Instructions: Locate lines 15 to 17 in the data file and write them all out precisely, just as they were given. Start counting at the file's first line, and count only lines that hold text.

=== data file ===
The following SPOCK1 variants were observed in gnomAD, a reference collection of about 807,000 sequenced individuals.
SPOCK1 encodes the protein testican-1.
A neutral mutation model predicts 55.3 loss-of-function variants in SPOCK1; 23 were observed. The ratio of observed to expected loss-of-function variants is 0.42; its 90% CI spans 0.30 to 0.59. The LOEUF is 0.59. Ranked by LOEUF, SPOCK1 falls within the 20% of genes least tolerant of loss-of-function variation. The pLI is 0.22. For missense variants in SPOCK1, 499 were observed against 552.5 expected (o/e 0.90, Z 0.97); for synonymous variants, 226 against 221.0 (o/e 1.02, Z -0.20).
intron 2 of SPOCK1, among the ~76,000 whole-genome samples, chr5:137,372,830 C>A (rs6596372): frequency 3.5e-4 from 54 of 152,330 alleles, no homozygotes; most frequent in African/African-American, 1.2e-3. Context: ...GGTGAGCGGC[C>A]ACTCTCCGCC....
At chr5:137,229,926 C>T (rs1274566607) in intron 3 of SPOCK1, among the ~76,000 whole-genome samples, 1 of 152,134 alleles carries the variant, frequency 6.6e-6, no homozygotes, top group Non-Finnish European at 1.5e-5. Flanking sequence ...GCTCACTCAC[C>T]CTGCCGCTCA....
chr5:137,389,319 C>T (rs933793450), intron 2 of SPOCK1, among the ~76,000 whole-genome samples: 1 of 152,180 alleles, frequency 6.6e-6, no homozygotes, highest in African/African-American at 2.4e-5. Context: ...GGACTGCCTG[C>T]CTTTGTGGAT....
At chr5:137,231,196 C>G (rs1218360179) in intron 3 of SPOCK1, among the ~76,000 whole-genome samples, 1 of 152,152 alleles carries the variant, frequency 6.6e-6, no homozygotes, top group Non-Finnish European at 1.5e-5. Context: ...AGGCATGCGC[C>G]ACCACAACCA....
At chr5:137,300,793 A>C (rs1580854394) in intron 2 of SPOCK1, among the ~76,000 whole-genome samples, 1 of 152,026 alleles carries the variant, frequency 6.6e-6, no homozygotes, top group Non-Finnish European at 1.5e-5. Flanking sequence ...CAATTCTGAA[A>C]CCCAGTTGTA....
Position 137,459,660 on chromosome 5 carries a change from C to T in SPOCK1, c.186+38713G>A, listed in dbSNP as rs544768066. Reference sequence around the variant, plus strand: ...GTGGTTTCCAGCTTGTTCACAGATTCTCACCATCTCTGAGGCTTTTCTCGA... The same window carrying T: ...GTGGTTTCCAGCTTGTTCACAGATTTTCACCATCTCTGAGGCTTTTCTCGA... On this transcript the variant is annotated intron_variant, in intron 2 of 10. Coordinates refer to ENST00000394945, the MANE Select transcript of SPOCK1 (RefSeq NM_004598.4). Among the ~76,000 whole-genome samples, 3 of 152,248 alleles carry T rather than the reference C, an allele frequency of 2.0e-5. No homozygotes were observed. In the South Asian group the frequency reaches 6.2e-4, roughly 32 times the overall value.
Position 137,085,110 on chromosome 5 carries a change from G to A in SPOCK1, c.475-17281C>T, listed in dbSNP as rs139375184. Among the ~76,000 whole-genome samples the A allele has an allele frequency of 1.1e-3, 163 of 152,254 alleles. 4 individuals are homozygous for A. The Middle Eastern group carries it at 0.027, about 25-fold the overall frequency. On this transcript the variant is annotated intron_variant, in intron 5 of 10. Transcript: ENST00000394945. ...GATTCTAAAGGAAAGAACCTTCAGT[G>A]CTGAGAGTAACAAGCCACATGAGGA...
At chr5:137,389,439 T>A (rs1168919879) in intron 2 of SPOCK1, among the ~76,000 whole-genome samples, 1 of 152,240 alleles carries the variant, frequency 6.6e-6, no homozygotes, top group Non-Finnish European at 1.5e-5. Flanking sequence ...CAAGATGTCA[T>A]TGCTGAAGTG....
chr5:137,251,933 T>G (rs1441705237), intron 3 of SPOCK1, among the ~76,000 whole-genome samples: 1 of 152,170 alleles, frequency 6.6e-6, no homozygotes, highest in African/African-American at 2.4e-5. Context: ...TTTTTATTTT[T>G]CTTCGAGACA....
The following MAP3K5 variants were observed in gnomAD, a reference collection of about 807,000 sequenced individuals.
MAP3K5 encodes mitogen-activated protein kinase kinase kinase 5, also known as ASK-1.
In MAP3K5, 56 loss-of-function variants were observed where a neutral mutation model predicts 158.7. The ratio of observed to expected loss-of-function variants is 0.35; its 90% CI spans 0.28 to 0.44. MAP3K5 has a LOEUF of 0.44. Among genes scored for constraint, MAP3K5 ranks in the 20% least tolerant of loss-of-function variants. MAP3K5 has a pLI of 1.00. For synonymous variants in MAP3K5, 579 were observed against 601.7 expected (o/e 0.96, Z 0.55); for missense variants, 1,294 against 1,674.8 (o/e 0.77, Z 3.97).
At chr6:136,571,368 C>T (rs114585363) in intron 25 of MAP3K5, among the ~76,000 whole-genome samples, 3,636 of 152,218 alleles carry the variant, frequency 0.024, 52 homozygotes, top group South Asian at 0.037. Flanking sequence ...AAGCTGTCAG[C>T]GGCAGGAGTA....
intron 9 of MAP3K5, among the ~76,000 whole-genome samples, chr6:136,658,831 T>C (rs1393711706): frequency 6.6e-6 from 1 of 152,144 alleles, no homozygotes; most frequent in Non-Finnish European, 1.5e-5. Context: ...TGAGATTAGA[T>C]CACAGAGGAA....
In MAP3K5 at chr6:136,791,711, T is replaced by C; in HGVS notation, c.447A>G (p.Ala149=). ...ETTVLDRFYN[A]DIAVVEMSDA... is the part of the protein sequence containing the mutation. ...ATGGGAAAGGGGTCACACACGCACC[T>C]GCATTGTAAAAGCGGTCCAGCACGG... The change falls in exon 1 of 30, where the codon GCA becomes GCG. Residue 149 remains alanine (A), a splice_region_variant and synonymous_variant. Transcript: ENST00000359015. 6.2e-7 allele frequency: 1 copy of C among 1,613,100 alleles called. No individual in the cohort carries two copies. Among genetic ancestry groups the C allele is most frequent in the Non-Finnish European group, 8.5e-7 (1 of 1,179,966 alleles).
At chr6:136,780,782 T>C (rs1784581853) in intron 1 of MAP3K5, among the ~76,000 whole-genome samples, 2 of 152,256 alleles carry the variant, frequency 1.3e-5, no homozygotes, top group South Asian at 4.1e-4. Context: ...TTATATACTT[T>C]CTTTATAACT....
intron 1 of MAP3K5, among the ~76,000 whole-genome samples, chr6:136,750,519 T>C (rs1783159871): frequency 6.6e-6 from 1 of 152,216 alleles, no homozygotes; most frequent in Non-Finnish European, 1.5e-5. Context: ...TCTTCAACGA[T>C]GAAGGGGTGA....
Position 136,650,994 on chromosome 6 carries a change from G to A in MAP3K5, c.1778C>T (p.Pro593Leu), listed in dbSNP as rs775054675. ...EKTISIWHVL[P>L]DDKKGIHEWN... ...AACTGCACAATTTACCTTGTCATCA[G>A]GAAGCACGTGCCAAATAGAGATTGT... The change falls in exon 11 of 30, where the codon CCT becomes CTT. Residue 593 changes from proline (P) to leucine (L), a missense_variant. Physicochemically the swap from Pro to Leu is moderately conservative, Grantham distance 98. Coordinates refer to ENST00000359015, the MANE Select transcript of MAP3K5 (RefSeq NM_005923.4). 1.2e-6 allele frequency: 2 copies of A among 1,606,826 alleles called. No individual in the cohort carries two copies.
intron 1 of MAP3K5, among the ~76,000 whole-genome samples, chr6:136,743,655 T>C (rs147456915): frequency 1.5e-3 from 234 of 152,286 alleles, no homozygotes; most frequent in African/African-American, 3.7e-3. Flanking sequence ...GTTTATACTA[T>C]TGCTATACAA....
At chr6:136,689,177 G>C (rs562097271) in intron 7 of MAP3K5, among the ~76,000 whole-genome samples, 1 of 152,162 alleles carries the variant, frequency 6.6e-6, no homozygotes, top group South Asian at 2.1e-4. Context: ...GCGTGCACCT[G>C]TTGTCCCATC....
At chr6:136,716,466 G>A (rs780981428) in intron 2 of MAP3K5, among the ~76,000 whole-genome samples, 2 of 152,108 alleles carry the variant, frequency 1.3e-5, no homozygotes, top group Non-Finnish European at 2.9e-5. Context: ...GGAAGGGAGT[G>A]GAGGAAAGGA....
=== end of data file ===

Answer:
In MAP3K5, 56 loss-of-function variants were observed where a neutral mutation model predicts 158.7. The ratio of observed to expected loss-of-function variants is 0.35; its 90% CI spans 0.28 to 0.44. MAP3K5 has a LOEUF of 0.44. Among genes scored for constraint, MAP3K5 ranks in the 20% least tolerant of loss-of-function variants. MAP3K5 has a pLI of 1.00. For synonymous variants in MAP3K5, 579 were observed against 601.7 expected (o/e 0.96, Z 0.55); for missense variants, 1,294 against 1,674.8 (o/e 0.77, Z 3.97).
At chr6:136,571,368 C>T (rs114585363) in intron 25 of MAP3K5, among the ~76,000 whole-genome samples, 3,636 of 152,218 alleles carry the variant, frequency 0.024, 52 homozygotes, top group South Asian at 0.037. Flanking sequence ...AAGCTGTCAG[C>T]GGCAGGAGTA....
intron 9 of MAP3K5, among the ~76,000 whole-genome samples, chr6:136,658,831 T>C (rs1393711706): frequency 6.6e-6 from 1 of 152,144 alleles, no homozygotes; most frequent in Non-Finnish European, 1.5e-5. Context: ...TGAGATTAGA[T>C]CACAGAGGAA....